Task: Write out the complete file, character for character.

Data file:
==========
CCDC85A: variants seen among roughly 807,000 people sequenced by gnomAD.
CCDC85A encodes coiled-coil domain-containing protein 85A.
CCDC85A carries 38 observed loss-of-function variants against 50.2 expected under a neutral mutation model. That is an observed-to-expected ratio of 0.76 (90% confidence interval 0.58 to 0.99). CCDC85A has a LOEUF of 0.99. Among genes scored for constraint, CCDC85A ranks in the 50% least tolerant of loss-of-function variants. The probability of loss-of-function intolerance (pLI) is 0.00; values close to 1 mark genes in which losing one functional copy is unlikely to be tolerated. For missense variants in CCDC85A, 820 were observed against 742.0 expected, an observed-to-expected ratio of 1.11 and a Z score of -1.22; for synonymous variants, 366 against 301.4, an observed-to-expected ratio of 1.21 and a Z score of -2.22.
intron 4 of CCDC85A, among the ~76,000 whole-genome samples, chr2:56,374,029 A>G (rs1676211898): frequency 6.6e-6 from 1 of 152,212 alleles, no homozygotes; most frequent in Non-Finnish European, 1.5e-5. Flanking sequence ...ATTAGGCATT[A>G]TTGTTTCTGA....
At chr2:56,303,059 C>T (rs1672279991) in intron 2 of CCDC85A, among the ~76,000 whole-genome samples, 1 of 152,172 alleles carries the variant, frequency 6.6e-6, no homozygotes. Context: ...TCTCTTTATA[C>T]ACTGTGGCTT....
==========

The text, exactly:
CCDC85A: variants seen among roughly 807,000 people sequenced by gnomAD.
CCDC85A encodes coiled-coil domain-containing protein 85A.
CCDC85A carries 38 observed loss-of-function variants against 50.2 expected under a neutral mutation model. That is an observed-to-expected ratio of 0.76 (90% confidence interval 0.58 to 0.99). CCDC85A has a LOEUF of 0.99. Among genes scored for constraint, CCDC85A ranks in the 50% least tolerant of loss-of-function variants. The probability of loss-of-function intolerance (pLI) is 0.00; values close to 1 mark genes in which losing one functional copy is unlikely to be tolerated. For missense variants in CCDC85A, 820 were observed against 742.0 expected, an observed-to-expected ratio of 1.11 and a Z score of -1.22; for synonymous variants, 366 against 301.4, an observed-to-expected ratio of 1.21 and a Z score of -2.22.
intron 4 of CCDC85A, among the ~76,000 whole-genome samples, chr2:56,374,029 A>G (rs1676211898): frequency 6.6e-6 from 1 of 152,212 alleles, no homozygotes; most frequent in Non-Finnish European, 1.5e-5. Flanking sequence ...ATTAGGCATT[A>G]TTGTTTCTGA....
At chr2:56,303,059 C>T (rs1672279991) in intron 2 of CCDC85A, among the ~76,000 whole-genome samples, 1 of 152,172 alleles carries the variant, frequency 6.6e-6, no homozygotes. Context: ...TCTCTTTATA[C>T]ACTGTGGCTT....